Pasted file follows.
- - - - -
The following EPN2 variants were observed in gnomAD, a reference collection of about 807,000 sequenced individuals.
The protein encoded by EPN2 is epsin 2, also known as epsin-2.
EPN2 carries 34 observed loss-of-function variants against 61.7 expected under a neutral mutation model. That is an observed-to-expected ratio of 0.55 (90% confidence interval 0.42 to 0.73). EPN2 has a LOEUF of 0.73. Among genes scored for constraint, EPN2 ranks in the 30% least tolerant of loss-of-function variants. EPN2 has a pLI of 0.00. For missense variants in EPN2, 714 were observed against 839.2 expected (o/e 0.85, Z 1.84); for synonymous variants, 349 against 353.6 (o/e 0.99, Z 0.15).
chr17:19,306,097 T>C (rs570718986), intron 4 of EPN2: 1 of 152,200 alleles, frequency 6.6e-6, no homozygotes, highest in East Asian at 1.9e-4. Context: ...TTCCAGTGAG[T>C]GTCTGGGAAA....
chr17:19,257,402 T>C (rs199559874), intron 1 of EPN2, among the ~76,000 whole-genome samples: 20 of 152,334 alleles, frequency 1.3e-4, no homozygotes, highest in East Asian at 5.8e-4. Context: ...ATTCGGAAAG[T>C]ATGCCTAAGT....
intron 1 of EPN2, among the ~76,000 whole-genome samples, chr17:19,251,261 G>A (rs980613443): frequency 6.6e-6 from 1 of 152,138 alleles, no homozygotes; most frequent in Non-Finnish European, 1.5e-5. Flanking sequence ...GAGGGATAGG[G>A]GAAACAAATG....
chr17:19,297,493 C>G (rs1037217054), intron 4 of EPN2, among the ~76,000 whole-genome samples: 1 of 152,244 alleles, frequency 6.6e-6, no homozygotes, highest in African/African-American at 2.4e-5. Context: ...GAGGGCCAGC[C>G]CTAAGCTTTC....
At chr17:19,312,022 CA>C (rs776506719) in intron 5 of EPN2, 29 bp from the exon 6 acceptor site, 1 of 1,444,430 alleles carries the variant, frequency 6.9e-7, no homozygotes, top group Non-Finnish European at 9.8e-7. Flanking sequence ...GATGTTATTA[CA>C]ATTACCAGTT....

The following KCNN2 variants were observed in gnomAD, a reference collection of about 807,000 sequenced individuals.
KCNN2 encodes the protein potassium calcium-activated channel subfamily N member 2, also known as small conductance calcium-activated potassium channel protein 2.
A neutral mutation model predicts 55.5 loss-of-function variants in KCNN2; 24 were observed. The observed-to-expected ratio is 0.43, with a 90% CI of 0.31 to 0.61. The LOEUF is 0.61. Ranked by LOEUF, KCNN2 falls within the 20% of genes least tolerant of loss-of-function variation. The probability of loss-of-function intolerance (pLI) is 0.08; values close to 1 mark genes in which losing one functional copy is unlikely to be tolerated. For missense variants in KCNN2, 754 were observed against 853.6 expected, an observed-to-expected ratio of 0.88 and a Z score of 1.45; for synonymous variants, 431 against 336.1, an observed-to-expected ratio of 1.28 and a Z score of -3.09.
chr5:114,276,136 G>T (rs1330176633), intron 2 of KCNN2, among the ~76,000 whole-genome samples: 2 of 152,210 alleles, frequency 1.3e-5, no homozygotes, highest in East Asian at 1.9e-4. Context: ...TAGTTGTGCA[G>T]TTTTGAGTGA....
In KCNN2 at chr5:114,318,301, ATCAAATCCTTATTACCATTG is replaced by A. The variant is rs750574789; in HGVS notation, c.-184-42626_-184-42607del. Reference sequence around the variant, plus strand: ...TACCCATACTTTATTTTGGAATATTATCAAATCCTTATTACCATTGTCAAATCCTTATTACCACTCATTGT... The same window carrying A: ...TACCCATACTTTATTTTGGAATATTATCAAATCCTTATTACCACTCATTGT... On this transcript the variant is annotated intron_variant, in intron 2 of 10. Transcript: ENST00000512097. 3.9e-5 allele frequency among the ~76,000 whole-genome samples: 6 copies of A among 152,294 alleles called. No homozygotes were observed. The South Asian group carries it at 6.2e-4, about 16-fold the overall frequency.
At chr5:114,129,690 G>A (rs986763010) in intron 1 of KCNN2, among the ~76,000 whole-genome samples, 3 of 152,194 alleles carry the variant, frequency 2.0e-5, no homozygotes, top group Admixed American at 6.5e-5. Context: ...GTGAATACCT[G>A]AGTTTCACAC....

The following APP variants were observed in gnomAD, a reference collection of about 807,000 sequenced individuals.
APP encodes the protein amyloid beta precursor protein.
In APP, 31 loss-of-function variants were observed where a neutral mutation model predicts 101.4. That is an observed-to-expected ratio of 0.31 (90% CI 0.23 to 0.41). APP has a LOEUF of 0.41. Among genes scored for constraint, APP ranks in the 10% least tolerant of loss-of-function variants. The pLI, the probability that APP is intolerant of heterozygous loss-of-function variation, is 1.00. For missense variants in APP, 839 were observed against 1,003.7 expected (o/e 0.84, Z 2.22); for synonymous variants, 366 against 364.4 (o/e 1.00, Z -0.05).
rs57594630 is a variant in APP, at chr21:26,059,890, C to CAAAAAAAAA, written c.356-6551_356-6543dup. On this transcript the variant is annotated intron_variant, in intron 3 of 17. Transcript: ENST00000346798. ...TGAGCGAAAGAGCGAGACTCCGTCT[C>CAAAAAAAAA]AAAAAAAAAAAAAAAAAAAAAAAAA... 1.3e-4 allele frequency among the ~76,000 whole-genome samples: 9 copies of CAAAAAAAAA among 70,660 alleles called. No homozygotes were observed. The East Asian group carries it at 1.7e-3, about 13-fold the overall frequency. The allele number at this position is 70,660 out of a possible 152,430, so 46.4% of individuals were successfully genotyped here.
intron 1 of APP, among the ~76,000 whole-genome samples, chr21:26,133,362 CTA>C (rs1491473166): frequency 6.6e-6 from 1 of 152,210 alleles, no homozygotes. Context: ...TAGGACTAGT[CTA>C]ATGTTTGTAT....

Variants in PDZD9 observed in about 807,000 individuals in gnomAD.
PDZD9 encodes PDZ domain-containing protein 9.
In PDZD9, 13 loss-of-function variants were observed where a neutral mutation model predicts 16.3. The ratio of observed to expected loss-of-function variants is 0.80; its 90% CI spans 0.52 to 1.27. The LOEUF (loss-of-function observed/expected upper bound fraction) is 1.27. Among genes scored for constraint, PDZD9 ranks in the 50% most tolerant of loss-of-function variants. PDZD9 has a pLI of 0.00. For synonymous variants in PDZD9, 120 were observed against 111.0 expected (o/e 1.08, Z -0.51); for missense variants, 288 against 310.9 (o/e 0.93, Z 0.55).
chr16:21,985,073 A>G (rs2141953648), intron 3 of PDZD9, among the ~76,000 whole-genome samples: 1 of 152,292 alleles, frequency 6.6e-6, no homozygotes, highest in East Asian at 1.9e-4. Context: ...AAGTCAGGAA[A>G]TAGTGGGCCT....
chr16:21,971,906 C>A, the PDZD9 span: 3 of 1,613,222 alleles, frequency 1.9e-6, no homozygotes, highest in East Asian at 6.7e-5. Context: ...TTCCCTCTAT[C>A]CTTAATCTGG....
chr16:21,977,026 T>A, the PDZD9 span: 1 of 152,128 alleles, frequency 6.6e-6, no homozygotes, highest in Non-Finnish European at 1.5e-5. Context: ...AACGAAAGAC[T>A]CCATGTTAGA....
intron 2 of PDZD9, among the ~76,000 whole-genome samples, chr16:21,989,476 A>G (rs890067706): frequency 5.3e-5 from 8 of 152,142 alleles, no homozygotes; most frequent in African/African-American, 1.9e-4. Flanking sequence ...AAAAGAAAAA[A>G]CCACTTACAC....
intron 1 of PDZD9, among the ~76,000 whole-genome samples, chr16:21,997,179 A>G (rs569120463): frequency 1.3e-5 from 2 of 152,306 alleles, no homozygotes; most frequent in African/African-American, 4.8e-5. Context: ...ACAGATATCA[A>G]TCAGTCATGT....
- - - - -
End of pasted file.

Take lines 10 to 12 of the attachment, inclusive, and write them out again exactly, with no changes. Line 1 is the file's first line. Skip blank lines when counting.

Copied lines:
KCNN2 encodes the protein potassium calcium-activated channel subfamily N member 2, also known as small conductance calcium-activated potassium channel protein 2.
A neutral mutation model predicts 55.5 loss-of-function variants in KCNN2; 24 were observed. The observed-to-expected ratio is 0.43, with a 90% CI of 0.31 to 0.61. The LOEUF is 0.61. Ranked by LOEUF, KCNN2 falls within the 20% of genes least tolerant of loss-of-function variation. The probability of loss-of-function intolerance (pLI) is 0.08; values close to 1 mark genes in which losing one functional copy is unlikely to be tolerated. For missense variants in KCNN2, 754 were observed against 853.6 expected, an observed-to-expected ratio of 0.88 and a Z score of 1.45; for synonymous variants, 431 against 336.1, an observed-to-expected ratio of 1.28 and a Z score of -3.09.
chr5:114,276,136 G>T (rs1330176633), intron 2 of KCNN2, among the ~76,000 whole-genome samples: 2 of 152,210 alleles, frequency 1.3e-5, no homozygotes, highest in East Asian at 1.9e-4. Context: ...TAGTTGTGCA[G>T]TTTTGAGTGA....